landmark groundnut processing plant for Malawi
groundnut processing plant has opened in Lilongwe, the capital of
result of years of collaborative work between UK fair trade
the National Smallholder Farmers’ Association of Malawi
Ltd aims to move smallholder peanut producers up the value chain and to
expand the volume of Fairtrade and other value-added
peanuts produced for international, regional and domestic markets.
model addresses constraints that are common to many commodities in
Malawi, where limited processing capacity results in high post-harvest
has been designed to build efficiency and quality into a traditional value-chain;
a model which can be replicated for other African agricultural
groundnuts for and from Africa
the major challenges facing groundnut producers in Malawi is aflatoxin,
a carcinogenic by-product
of a fungus (Aspergillus
sp.) that grows on crops such
as maize and groundnuts. Aflatoxin is partly responsible for the
collapse of Africa’s raw groundnut export trade. This fell
from a 75% global share in the 1960s to just 5% by the mid 2000s due to
increased competition from the US, China and Argentina combined with
stricter aflatoxin controls in Europe.
farmer in Malawi
value for smallholder producers
agricultural sector in southern Africa suffers from a lack of
investment and low levels of mechanisation. Less than 30% of
Africa’s agricultural production undergoes industrial
processing, compared with 98% in high-income
countries. As a result, African economies are failing to capitalise on value-added
beyond raw peanut production, Afri-Nut
Ltd will produce a range of value-added
products such as peanut butter and paste for ready-to-use
therapeutic food, marking a significant shift up the value chain and
higher returns for producer-owners.
as preventing international trade, aflatoxin is a significant public
health issue. The risks associated with aflatoxin consumption include
liver cancers, impaired growth (stunting) in children under five and
suppression of the immune system. Some 60% of groundnuts grown in
Malawi do not make it into formal markets thus receiving a
significantly lower level of aflatoxin control and management.
safety procedures are in place in the Afri-Nut
to reduce the risk of aflatoxin contamination, including:
in storage, including
construction of modern warehouses and buying centres;
hand shelling with mechanical
shelling to reduce exposure to moisture;
nuts at mechanised sorting tables.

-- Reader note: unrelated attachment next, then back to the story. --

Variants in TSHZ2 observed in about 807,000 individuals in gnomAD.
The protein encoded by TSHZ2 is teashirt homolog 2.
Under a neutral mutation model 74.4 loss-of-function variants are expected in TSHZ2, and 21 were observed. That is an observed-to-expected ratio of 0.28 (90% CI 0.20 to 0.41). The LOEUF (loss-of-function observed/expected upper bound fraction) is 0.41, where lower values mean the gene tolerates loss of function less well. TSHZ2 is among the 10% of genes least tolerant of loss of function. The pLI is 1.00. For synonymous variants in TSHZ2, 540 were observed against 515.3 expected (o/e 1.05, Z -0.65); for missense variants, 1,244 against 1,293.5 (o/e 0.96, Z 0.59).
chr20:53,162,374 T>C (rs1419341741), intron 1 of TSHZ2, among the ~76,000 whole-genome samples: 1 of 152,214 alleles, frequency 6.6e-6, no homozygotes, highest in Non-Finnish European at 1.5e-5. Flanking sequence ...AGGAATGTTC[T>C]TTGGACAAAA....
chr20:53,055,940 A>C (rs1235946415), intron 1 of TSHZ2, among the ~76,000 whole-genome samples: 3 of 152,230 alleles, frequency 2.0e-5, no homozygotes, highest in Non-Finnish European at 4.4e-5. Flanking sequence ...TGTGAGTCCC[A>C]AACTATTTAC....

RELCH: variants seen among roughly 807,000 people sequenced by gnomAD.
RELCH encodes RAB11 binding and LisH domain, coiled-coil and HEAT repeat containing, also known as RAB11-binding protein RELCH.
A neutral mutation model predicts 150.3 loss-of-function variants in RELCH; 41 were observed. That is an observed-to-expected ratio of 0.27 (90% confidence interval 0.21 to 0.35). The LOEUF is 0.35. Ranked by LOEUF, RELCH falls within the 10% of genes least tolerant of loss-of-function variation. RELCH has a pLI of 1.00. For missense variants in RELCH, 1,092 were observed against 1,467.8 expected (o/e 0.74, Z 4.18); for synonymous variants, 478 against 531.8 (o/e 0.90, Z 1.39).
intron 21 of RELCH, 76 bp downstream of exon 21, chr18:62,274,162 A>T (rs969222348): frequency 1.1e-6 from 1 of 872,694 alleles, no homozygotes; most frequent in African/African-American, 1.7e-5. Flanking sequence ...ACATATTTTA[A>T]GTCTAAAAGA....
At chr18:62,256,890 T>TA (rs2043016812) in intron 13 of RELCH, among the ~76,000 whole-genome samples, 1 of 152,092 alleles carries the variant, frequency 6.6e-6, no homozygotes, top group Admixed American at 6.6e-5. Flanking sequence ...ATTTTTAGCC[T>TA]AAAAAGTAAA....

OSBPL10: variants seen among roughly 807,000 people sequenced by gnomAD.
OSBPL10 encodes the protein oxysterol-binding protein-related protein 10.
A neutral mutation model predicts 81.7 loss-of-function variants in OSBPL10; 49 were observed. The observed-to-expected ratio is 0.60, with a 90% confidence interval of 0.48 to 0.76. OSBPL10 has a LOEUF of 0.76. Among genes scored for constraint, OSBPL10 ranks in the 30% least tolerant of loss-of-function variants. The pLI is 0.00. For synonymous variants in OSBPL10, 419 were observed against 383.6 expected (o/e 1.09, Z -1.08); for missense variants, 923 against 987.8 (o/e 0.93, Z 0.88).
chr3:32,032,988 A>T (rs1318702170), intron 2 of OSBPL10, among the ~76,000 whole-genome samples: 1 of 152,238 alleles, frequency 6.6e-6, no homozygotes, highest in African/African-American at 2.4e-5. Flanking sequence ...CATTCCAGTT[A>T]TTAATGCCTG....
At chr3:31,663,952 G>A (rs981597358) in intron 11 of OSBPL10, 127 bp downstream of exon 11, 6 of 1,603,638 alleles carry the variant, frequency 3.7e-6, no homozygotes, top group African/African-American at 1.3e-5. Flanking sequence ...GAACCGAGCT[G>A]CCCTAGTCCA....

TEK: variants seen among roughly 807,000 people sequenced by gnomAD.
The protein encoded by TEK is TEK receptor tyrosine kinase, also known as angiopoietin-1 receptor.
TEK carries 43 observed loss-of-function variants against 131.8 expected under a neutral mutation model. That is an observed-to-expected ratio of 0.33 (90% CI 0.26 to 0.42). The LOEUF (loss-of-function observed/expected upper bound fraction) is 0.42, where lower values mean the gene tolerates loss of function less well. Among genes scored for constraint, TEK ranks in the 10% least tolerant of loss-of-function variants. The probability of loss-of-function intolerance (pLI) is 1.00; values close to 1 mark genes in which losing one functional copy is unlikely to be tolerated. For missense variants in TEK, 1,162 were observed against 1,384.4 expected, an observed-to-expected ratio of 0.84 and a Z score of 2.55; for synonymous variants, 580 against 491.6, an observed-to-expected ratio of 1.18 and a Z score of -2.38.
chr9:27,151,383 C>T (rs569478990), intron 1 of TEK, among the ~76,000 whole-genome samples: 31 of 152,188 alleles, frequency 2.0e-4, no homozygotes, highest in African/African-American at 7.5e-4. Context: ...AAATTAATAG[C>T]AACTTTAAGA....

CEO Justin King visits nut farmers in Malawi
CEO Justin King visited the pilot processing plant in 2009 and in 2011
Sainsbury’s staff visited Malawi to help build a new rural
warehouse for nut producers.
Chibonga chief executive officer of NASFAM stated, “If you
would have said a few years ago that a CEO of a leading supermarket
chain would visit our organisation people would have thought I was mad.
The farmers can see that now nothing is impossible.”
in groundnut storage and processing
trading with Liberation Foods CIC, which is co-owned
by Twin, NASFAM and producer organisations from Africa and Latin
products can gain access to the European market. Set up in 2007,
Liberation now supplies the lion’s share of Fairtrade-
certified nuts within the UK.
as growing the business, Twin’s long-term
goal with Afri-Nut
is to pull aflatoxin not just out of the international value chain but
out of local food chains too. Key challenges will include raising
smallholder and donor awareness of the aflatoxin issue and facilitating
a move to an enabling environment where experience and information-sharing
amongst key stakeholders is common practice.
A new pan-African
initiative, the Partnership for Aflatoxin Control (PACA) has identified
as an example of how a for-profit
social investment business has the potential to have an impact on the
health status of millions of people.
Ltd is a joint venture, financed and co-owned
by shareholders from the commercial and development sectors: Twin, the
National Smallholder Farmers’ Association of Malawi, Ex-Agris,
Cordaid and the Waterloo Foundation. The plant currently has the
capacity to produce 4000mt of groundnuts per annum.
out more at: www.twin.org.uk/projects or contact email@example.com
processing work at the Afri-Nut